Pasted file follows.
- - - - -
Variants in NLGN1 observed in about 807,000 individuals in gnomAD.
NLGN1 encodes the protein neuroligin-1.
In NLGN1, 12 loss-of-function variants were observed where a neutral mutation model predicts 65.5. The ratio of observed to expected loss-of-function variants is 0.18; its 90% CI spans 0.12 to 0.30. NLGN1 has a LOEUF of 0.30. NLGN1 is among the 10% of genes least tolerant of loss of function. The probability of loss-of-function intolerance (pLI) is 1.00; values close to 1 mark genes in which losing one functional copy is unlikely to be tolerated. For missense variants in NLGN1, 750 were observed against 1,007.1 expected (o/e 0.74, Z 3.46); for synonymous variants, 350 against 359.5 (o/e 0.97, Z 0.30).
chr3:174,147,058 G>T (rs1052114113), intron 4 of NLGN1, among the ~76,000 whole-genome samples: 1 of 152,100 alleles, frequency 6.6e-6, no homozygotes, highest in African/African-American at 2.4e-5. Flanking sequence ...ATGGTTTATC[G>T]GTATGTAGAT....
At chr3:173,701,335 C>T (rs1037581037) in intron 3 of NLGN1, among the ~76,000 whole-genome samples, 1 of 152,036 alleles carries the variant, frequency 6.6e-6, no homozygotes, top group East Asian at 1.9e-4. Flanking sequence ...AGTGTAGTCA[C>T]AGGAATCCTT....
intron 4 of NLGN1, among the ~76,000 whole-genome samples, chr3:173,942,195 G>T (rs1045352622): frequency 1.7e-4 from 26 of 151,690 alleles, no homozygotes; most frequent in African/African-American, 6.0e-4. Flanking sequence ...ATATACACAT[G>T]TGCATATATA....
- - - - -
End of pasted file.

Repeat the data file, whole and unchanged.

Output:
Variants in NLGN1 observed in about 807,000 individuals in gnomAD.
NLGN1 encodes the protein neuroligin-1.
In NLGN1, 12 loss-of-function variants were observed where a neutral mutation model predicts 65.5. The ratio of observed to expected loss-of-function variants is 0.18; its 90% CI spans 0.12 to 0.30. NLGN1 has a LOEUF of 0.30. NLGN1 is among the 10% of genes least tolerant of loss of function. The probability of loss-of-function intolerance (pLI) is 1.00; values close to 1 mark genes in which losing one functional copy is unlikely to be tolerated. For missense variants in NLGN1, 750 were observed against 1,007.1 expected (o/e 0.74, Z 3.46); for synonymous variants, 350 against 359.5 (o/e 0.97, Z 0.30).
chr3:174,147,058 G>T (rs1052114113), intron 4 of NLGN1, among the ~76,000 whole-genome samples: 1 of 152,100 alleles, frequency 6.6e-6, no homozygotes, highest in African/African-American at 2.4e-5. Flanking sequence ...ATGGTTTATC[G>T]GTATGTAGAT....
At chr3:173,701,335 C>T (rs1037581037) in intron 3 of NLGN1, among the ~76,000 whole-genome samples, 1 of 152,036 alleles carries the variant, frequency 6.6e-6, no homozygotes, top group East Asian at 1.9e-4. Flanking sequence ...AGTGTAGTCA[C>T]AGGAATCCTT....
intron 4 of NLGN1, among the ~76,000 whole-genome samples, chr3:173,942,195 G>T (rs1045352622): frequency 1.7e-4 from 26 of 151,690 alleles, no homozygotes; most frequent in African/African-American, 6.0e-4. Flanking sequence ...ATATACACAT[G>T]TGCATATATA....